The weird quirk making inflation look lower
Friday morning, the government will release new numbers on incomes, spending and inflation for August. Analysts expect core personal consumption expenditure (PCE) inflation, the Fed's preferred measure, to come in at 4.7% over the last year.
- But a surprising calculation quirk is pulling those numbers lower. It underscores the importance — and pitfalls — of focusing on the innards of inflation figures.
Why it matters: Over the last year, much has been said about why various forces pushing inflation up are one-offs and should be ignored. But that cuts both ways.
The details: For PCE inflation, one of the biggest downward forces is linked to purportedly falling prices in the "portfolio management and investment advice" category. They are down 18.5% just since January.
- But it isn't that investment managers are slashing their prices. Rather, they often charge a percentage of assets under management — and asset prices have plunged.
- For example, if someone paid their money manager 1% of assets in annual fees, but the value of their portfolio fell 25%, it would show up in the inflation data as the price of money management services falling 25%.
Whatever you think of that approach, to the degree plunging asset prices are, in a mechanical sense, flowing through to lower core prices, it means the reported inflation numbers are lower than what most people are experiencing.
- After all, most portfolio management fees are paid by people with lots of financial assets. Rich people may be saving some money, but for a person with a modest or non-existent portfolio, it doesn't matter.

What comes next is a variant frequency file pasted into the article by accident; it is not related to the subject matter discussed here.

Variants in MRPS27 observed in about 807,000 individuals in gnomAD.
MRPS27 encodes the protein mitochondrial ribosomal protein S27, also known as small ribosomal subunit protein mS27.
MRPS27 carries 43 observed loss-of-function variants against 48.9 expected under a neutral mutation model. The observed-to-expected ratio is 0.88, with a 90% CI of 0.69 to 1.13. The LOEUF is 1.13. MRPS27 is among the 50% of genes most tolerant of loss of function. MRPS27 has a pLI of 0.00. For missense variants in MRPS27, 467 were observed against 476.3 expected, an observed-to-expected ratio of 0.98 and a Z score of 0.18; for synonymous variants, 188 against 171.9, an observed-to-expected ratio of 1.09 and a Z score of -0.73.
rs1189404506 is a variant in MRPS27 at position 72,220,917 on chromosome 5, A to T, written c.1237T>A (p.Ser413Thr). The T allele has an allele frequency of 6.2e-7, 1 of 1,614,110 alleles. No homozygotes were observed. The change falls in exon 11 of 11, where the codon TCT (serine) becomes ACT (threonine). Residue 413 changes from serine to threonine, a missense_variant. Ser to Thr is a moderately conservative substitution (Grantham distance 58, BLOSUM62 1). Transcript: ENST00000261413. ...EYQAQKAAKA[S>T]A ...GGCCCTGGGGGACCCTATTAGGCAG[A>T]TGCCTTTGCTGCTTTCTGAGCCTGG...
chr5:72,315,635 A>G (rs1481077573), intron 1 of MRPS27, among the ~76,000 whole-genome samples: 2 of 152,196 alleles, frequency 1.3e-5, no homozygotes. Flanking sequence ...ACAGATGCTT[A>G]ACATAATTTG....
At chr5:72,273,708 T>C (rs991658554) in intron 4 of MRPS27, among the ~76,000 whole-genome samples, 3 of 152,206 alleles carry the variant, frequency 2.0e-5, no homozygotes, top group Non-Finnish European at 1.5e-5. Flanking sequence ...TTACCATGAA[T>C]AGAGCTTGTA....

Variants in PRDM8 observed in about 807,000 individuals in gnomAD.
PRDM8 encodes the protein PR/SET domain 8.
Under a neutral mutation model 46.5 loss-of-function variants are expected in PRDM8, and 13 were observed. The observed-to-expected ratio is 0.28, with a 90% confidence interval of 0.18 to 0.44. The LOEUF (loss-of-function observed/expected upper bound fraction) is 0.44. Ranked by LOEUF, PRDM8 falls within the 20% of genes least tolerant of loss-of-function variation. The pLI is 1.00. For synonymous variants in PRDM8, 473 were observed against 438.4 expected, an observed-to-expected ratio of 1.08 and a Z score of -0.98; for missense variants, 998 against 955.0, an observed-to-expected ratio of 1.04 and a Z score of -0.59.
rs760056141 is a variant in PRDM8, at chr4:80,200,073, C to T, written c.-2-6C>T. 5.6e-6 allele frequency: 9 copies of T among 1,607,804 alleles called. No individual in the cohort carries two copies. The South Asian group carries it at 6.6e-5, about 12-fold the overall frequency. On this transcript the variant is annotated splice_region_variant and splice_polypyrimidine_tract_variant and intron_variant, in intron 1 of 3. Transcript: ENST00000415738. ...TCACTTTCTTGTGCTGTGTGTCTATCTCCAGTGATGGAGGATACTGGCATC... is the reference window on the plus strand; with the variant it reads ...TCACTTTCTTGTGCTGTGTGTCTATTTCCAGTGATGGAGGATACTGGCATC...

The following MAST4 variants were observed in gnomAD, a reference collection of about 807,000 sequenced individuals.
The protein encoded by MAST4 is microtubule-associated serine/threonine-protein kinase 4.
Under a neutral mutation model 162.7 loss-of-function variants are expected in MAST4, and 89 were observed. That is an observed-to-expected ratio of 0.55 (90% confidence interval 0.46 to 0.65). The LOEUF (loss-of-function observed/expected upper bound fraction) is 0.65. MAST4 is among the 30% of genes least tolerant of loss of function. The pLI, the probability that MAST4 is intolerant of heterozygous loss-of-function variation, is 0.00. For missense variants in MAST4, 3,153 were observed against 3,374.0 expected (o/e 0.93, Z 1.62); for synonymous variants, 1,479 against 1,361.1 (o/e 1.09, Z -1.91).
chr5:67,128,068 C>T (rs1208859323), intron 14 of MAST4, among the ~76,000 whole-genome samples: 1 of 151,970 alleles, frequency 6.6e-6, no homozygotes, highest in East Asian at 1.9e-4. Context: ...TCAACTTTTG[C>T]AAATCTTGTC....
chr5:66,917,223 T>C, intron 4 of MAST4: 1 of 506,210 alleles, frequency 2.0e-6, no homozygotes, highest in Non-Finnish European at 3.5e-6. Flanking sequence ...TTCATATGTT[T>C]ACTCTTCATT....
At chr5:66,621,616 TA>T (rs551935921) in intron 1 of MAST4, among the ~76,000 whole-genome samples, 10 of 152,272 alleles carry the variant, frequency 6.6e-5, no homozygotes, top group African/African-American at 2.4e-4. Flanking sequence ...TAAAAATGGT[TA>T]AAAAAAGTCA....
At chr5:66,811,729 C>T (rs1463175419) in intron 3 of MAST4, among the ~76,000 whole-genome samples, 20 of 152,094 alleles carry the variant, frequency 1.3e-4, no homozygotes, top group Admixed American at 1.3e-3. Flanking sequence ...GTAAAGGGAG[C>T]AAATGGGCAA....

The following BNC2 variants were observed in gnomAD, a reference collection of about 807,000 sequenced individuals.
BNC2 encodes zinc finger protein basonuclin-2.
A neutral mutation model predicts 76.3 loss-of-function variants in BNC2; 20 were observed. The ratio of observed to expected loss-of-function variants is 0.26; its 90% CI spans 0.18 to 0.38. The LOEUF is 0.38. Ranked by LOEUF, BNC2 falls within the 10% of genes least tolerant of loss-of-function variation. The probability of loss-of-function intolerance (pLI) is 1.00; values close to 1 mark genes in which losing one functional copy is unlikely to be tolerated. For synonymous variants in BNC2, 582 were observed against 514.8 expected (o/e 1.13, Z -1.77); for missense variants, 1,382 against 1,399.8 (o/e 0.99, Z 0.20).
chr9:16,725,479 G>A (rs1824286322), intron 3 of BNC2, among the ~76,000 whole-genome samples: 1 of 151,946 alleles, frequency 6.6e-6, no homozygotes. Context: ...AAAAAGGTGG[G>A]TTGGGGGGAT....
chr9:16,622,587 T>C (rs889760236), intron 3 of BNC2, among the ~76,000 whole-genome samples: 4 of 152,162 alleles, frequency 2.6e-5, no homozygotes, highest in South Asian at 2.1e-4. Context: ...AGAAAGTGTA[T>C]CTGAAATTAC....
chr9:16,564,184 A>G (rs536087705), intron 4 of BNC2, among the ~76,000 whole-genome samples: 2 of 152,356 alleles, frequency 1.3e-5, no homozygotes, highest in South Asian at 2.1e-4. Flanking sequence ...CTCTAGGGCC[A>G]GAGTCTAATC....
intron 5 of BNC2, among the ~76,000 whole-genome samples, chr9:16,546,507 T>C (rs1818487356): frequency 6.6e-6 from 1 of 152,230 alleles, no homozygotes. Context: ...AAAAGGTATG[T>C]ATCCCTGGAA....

- According to calculations by Jason Furman and Willie Powell III at Harvard Kennedy School, prices rose at a 5.3% annual rate in the April through July period if you exclude these services, not the 4.3% rate at which core prices were reported to have risen.
What's next: "Given how it is constructed, portfolio management inflation tends to track asset market performance, and is highly correlated with the equity market with a one-month lag," Deutsche Bank chief U.S. economist Matthew Luzzetti tells Axios.
- Therefore, he doesn't expect much impact on tomorrow's August inflation numbers, since stock prices were relatively flat in July.
- But it implies that September inflation may be misleadingly high (because stocks rose in August) and October inflation misleadingly low (because stocks plunged this month).
The big picture: To get a clear reading of inflation trends, it's important to sweat the details of how indexes are calculated. But you can't look at just the components pointing in your preferred direction.
- As Furman notes, there has been much coverage of how quirks in the used car market have made inflation look artificially high, yet virtually none (until now!) of how portfolio management quirks may be making inflation artificially low.
The bottom line: It's important to look carefully at even the aspects of economic data that don't tell you what you want to hear.